Thanks ABC’s The Checkout for pointing out that almost half (40%) of conventional beef has hormone growth promotants and that organic farmers don’t use synthetic chemicals; however we’d like to expand on some other truths that didn’t make it into the selectively and simply presented facts.
New agricultural chemicals are only safety tested in test tubes and on animals, not humans. The cocktail effects, not single effects, are a major blind spot in our regulatory and “safety” government approval process.
If we’re willing to buy into the assumption that everything is safe then what are the lessons learnt from tobacco and asbestos decades ago (that took over half a century to ‘prove’ as unsafe)? We can’t see these chemicals on or in our food. We are lulled into thinking they simply aren’t there – or that they are being regularly tested.
Most fruit and vegetables aren’t tested regularly by government regulators and when they are, they’re tested in isolation – almost never in combination – which is what happens in nature and in our bodies.
The lack of reliable science does not mean that something is truly safe. Better to be safe than sorry. Try the litmus test is – would you use a host of synthetic chemicals on your home garden vegetables before feeding them to your family? If you would, perhaps organics isn’t for you.
Pesticide residue testing
Who really knows the affects of accumulative pesticides, particularly on small bodies like our children?
A peer reviewed RMIT study published this year in Environmental Research showed a diet of certified organic food for just one week reduced pesticide residues in urine by 90%. There are detectable levels of pesticides in our bodies, particularly if you eat conventional foods.
The government tests for pesticide residue in foods and finds detectable levels. Is eating less poison good for you? We think so. These chemicals are designed to kill, not heal. Who is to say what is a safe amount of pesticides in our bodies?
RMIT is now studying chemical exposure in 14 – 16 year olds.
Feeding the world
We can’t feed the world now – despite producing more (conventional) food than ever. This argument is an old hoary chestnut that ignores the dire consequences of staying on the current heavily industrial and non natural production pathway that our farming and food system (including distribution) is on.
Organic standards require natural buffer zones and areas on farm for plants and wildlife, how many farming standards require that?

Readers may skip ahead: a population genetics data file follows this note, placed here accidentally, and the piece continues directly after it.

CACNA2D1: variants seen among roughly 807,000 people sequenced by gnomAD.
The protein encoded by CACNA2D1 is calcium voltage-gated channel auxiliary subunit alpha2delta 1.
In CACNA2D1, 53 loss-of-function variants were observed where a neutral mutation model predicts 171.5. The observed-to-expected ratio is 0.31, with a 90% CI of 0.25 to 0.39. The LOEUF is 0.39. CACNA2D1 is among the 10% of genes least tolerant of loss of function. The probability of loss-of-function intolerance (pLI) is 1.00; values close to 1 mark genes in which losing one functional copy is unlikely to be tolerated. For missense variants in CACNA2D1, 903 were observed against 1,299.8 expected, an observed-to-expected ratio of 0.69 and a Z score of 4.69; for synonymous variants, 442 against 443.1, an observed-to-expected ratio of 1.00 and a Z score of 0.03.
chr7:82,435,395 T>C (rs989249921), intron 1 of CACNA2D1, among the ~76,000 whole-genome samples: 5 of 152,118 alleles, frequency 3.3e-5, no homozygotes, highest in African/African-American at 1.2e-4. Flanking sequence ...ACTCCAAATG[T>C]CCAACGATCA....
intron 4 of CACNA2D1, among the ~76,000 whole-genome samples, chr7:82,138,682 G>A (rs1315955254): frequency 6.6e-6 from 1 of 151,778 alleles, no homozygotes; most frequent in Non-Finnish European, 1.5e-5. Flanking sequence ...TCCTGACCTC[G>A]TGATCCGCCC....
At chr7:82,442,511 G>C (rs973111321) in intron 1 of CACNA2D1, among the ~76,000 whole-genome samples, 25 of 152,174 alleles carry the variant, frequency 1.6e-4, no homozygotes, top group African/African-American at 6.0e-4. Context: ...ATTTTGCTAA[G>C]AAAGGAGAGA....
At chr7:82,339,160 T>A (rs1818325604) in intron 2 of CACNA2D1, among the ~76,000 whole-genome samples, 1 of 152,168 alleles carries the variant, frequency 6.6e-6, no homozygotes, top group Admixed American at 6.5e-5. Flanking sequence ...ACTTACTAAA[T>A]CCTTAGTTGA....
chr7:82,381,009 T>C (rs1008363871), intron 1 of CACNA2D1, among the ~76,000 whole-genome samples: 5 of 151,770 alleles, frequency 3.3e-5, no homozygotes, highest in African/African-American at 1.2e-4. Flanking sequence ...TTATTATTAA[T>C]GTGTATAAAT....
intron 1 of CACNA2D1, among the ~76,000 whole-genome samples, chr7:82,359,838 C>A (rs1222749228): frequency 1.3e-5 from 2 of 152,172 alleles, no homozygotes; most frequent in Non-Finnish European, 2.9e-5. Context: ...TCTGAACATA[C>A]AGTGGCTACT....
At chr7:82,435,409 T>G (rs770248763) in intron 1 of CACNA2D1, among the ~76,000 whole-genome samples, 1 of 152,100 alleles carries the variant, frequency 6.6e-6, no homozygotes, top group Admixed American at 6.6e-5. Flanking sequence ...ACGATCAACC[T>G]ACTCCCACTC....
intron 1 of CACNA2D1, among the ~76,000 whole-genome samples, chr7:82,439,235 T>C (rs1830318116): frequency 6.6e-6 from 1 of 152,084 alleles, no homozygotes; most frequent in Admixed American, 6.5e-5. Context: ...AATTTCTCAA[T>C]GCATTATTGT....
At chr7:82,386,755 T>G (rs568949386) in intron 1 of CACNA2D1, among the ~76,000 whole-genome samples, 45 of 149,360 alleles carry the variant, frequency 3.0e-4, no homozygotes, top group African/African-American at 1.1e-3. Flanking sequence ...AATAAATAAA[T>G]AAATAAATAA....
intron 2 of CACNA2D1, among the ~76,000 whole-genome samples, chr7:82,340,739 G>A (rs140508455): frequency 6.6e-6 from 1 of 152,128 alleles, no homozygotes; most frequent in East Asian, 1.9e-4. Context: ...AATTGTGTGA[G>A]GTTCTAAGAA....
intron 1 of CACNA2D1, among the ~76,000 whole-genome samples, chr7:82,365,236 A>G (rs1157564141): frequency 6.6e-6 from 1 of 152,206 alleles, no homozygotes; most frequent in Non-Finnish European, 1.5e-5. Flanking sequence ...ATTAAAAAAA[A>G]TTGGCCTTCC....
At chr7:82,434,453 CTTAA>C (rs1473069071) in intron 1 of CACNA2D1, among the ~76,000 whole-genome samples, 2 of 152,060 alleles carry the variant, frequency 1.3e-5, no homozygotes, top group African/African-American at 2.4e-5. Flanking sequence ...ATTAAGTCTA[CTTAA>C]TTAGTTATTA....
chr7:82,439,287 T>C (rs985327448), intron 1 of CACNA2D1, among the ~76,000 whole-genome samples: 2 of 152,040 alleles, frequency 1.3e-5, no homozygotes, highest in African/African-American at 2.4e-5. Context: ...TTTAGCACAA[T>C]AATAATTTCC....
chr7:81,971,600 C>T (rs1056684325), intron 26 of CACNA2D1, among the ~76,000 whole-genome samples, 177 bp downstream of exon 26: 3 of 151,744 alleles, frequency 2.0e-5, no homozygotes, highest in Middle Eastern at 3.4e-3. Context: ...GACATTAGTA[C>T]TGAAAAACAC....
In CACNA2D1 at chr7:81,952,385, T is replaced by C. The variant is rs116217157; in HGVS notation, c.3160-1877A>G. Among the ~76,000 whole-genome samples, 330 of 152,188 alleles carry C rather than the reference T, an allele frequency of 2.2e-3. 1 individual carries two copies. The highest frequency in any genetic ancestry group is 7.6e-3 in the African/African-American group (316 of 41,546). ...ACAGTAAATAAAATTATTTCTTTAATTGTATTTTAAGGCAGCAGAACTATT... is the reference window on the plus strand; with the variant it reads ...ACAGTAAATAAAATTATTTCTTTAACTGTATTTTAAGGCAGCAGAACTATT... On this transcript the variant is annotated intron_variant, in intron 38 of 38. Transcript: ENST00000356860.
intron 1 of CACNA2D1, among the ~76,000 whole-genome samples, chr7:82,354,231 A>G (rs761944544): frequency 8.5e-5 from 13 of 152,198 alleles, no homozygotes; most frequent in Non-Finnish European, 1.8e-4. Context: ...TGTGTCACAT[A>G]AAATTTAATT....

To say organic farming’s yields are so low you would have to sacrifice rainforests is misplaced. There are many studies showing that after three or four years of organic farming farms can equal, if not better the yield of conventional crops, depending on the sector.
The UN (Trade and Environment Review 2013: Wake Up Before It Is Too Late) says our agricultural systems need to change to ones that are less reliant on fertilisers and other inputs. If it doesn’t not only will we not be able to feed the world but we won’t have a world to live in. Organic is showing one sustainable way forward.
Unlike conventional agricultural guidelines the Australian Certified Organic Standard requires animal manures to be thoroughly composted (and farms are audited to make sure this happens) before being used as fertiliser. This manages the risks of spreading bacteria.
Organic farming has led the way here – making composting so popular that many conventional growers source their compost from the same place as certified organic farmers.
As for taste?
Frankly don’t buy anything that doesn’t taste fantastic. Shoppers aren’t silly – even if reductionist science (that breaks everything down to individual chemical molecules) does sometimes come out with funny notions and misses the wood for the trees.
We don’t know about you but we’d rather support farmers who let their animals free range, encourage biodiversity, don’t use harsh chemicals and GM and take pride in providing us with food the way it’s meant to be – without traces of pesticides, hormones and antibiotics.
But hey The Checkout – thanks for reminding shoppers that if they’re going to buy organic, they should look for a recognised logo like
If you find the price of organics annoying perhaps it helps to understand why it costs more. Read on.by